Facts About Greek Food

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Facts About Greek Food
Facts About Greek Food (Image: morguefile.com)

Greek cuisine features fresh vegetables and a variety of meats, including lamb, chicken, pork, fish and beef, with influences from Italy and other nearby countries. A blend of tangy seasonings gives Greek dishes their distinct flavor. Olives, lemons, garlic and a wide variety of herbs are the main seasonings in family and time-tested recipes. Greek celebrations, festivals and religious observations are the center of the Greek life, bringing families and friends together to savor the richness of the food.

Religious Holiday Food

In the Greek culture, Easter begins with the first day of Lent, when people get ready for the resurrection of Christ by cleansing their bodies. Food eaten during this time has the word "nistisima" after it, indicating that it doesn't contain any of the restricted foods. The traditional Easter bread, Tsoureki, has a slightly sweet flavor. Greeks also make Greek Easter cookies to share with friends and visitors. Easter Sunday in the culture is a time of celebration. The favorite Easter soup is mayeritsa, which is made with lamb organs and seasonings.

During the Christmas holidays, the Greek custom includes melomakarona (cookies topped with honey and walnuts) and kourabiethes (almond sugar cookies). Greeks also enjoy a variety of cakes and other desserts.

Filo Dishes

Filo dough, an ultra-thin, flaky pastry, is the foundation of many favorite Greek recipes. It is used in spanakopita (spinach pie) and baklava (sweet pastry with nuts). Other favorite Greek recipes with filo include seafood appetizers, "nest" side dishes, appetizers and desserts and tarts.

Meats

The favorite meat served in Greek homes and restaurants is lamb, which is generally spit-roasted. Lamb is used for main dishes and in casseroles with vegetables. Other meats enjoyed in the Greek culture are chicken, pork, beef and fish. Any of these meats can be used in souvlaki, one of the favorite Greek, wrap-style sandwiches.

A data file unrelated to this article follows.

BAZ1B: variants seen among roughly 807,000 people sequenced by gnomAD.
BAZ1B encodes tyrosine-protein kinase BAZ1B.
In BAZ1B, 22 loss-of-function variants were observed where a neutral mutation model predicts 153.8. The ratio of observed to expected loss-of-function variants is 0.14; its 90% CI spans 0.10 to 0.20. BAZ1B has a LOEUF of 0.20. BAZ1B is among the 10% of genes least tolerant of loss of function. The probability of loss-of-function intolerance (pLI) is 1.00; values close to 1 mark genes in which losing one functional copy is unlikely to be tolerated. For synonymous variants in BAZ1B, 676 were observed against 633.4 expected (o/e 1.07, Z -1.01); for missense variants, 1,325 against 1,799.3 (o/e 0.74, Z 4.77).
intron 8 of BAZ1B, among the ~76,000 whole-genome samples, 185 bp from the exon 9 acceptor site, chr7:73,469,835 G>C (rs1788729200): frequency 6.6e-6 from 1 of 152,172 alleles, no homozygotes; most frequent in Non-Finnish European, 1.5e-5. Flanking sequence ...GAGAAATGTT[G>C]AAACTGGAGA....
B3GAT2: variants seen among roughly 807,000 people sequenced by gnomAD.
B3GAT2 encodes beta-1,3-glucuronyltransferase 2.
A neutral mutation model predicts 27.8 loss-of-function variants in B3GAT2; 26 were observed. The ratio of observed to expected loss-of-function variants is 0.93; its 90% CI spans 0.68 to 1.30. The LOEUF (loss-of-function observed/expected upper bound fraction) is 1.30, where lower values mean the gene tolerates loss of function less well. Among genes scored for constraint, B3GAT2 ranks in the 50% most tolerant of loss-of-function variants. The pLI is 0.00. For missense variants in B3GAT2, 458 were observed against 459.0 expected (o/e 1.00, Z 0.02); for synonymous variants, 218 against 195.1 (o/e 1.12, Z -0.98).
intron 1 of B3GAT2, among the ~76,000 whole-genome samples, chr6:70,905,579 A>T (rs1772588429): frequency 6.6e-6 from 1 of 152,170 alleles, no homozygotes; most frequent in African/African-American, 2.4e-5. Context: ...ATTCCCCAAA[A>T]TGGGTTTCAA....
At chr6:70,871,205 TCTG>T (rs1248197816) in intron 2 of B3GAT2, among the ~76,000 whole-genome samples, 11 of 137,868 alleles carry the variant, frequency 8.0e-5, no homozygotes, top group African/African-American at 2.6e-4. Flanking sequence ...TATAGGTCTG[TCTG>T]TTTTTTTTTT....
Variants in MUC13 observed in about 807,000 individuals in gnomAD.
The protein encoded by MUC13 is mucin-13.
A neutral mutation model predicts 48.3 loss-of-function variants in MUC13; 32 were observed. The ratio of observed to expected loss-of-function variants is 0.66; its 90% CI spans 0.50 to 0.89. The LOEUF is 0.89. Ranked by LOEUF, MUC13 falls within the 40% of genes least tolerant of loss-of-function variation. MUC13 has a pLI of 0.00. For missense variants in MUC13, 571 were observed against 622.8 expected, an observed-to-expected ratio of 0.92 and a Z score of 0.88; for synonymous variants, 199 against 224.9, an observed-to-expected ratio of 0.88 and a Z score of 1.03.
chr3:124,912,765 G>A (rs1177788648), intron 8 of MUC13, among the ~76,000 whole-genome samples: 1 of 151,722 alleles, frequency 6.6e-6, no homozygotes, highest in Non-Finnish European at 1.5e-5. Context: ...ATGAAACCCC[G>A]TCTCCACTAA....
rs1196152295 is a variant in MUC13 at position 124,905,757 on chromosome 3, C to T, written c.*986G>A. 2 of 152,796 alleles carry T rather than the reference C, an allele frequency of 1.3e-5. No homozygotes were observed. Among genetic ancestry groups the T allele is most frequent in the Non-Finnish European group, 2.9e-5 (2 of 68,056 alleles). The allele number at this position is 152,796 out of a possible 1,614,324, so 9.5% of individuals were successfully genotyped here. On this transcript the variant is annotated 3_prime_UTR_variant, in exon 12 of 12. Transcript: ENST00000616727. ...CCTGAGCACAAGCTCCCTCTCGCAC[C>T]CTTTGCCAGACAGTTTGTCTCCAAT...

Pita Bread

Pita bread is served with most Greek meals. Dips for pita include yogurt with cumbers or olive oil with lemon and other seasonings. Pita also serves as the wrap for Greek-style sandwiches, including gyros (pronounced YEE-ros), which often include thinly sliced lamb, tomatoes, onions and yogurt dressing.

Salads

Greek salads often include olives, tomatoes and feta cheese. The dressing has an olive oil base and is mixed with vinegar and other seasonings. Nuts typically garnish Greek salads.

Vegetables

Greek cuisine is known for featuring a variety of vegetables in season. Moussaka is an eggplant-based, casserole-style dish, layered with tomatoes, peppers, onions and sometimes meat. Other favorite vegetables include all sorts of greens, cabbage, carrots, tomatoes, peppers, onions and anything else in season.

Olives and Lemons

Many Greek foods, including main dishes and salads, call for olives, olive oil, and lemons. Olive oil is one of the most common ingredients in Greek cuisine. It is used in salads, main dishes and as dipping sauce. Lemons provide the zesty flavor Greek dishes are known for.

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